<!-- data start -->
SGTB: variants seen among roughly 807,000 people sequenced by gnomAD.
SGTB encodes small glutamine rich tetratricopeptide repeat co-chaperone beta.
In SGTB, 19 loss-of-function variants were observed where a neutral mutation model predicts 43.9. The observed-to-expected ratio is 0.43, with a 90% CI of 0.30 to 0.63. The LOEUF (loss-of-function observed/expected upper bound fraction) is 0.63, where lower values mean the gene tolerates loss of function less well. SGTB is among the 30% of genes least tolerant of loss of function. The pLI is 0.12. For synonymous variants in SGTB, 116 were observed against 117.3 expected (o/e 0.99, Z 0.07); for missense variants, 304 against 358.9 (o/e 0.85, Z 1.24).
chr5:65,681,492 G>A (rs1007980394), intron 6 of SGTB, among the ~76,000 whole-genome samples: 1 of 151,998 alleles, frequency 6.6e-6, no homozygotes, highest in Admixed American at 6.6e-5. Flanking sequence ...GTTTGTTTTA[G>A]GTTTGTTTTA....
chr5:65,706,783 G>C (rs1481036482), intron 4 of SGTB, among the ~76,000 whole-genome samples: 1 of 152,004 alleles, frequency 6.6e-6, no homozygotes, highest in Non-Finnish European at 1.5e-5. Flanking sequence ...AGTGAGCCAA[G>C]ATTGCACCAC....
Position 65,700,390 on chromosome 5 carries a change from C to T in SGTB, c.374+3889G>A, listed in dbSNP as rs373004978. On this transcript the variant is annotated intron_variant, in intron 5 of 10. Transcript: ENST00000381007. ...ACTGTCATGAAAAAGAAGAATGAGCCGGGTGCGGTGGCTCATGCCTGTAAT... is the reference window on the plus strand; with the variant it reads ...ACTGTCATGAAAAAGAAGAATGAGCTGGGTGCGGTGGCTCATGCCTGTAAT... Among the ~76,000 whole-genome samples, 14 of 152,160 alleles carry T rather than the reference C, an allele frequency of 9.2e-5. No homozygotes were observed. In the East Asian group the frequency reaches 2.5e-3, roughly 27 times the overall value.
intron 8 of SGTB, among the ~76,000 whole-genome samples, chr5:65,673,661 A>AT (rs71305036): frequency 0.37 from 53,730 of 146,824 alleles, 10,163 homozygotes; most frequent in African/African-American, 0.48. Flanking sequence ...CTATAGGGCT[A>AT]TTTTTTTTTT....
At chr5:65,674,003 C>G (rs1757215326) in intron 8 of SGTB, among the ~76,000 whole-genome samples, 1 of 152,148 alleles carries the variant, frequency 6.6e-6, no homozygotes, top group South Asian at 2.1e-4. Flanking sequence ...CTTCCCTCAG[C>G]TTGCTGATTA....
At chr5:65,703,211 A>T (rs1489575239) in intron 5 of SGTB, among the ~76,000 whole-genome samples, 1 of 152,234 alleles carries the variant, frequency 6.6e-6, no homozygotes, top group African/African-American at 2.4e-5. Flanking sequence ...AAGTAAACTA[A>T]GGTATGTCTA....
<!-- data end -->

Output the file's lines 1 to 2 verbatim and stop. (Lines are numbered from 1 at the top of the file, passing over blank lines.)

SGTB: variants seen among roughly 807,000 people sequenced by gnomAD.
SGTB encodes small glutamine rich tetratricopeptide repeat co-chaperone beta.